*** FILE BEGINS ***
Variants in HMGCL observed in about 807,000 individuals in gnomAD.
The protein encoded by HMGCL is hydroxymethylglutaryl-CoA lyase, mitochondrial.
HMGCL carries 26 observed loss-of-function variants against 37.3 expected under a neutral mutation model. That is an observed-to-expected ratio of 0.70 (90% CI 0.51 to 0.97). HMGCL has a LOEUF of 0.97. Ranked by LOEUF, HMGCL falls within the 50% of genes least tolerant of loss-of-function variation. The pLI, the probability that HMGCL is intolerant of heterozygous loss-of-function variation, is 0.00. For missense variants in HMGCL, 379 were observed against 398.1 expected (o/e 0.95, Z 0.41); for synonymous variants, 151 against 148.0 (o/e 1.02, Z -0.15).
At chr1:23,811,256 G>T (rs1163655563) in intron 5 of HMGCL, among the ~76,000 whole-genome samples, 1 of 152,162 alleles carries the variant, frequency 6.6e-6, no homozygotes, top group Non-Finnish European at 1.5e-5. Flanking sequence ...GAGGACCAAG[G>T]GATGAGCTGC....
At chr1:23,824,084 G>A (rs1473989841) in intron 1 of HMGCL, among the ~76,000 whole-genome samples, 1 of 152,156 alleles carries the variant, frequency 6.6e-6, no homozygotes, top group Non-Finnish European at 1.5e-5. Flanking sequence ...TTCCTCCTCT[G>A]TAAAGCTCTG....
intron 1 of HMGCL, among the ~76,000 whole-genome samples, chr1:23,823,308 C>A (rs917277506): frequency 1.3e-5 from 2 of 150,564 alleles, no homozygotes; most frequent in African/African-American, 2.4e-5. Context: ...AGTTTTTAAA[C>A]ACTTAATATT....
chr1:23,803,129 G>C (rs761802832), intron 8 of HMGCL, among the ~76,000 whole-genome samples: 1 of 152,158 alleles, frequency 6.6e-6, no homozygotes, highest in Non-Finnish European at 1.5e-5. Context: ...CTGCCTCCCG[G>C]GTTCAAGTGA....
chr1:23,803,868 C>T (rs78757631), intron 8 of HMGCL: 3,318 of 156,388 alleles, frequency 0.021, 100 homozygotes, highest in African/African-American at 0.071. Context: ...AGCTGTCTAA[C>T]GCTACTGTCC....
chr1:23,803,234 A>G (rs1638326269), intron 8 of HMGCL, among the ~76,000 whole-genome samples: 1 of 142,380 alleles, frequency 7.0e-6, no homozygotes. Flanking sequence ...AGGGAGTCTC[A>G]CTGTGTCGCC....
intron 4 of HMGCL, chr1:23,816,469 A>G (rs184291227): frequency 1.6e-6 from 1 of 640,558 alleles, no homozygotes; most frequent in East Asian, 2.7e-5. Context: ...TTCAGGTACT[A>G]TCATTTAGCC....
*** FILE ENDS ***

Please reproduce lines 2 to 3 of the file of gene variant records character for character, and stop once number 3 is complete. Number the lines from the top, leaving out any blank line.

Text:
The protein encoded by HMGCL is hydroxymethylglutaryl-CoA lyase, mitochondrial.
HMGCL carries 26 observed loss-of-function variants against 37.3 expected under a neutral mutation model. That is an observed-to-expected ratio of 0.70 (90% CI 0.51 to 0.97). HMGCL has a LOEUF of 0.97. Ranked by LOEUF, HMGCL falls within the 50% of genes least tolerant of loss-of-function variation. The pLI, the probability that HMGCL is intolerant of heterozygous loss-of-function variation, is 0.00. For missense variants in HMGCL, 379 were observed against 398.1 expected (o/e 0.95, Z 0.41); for synonymous variants, 151 against 148.0 (o/e 1.02, Z -0.15).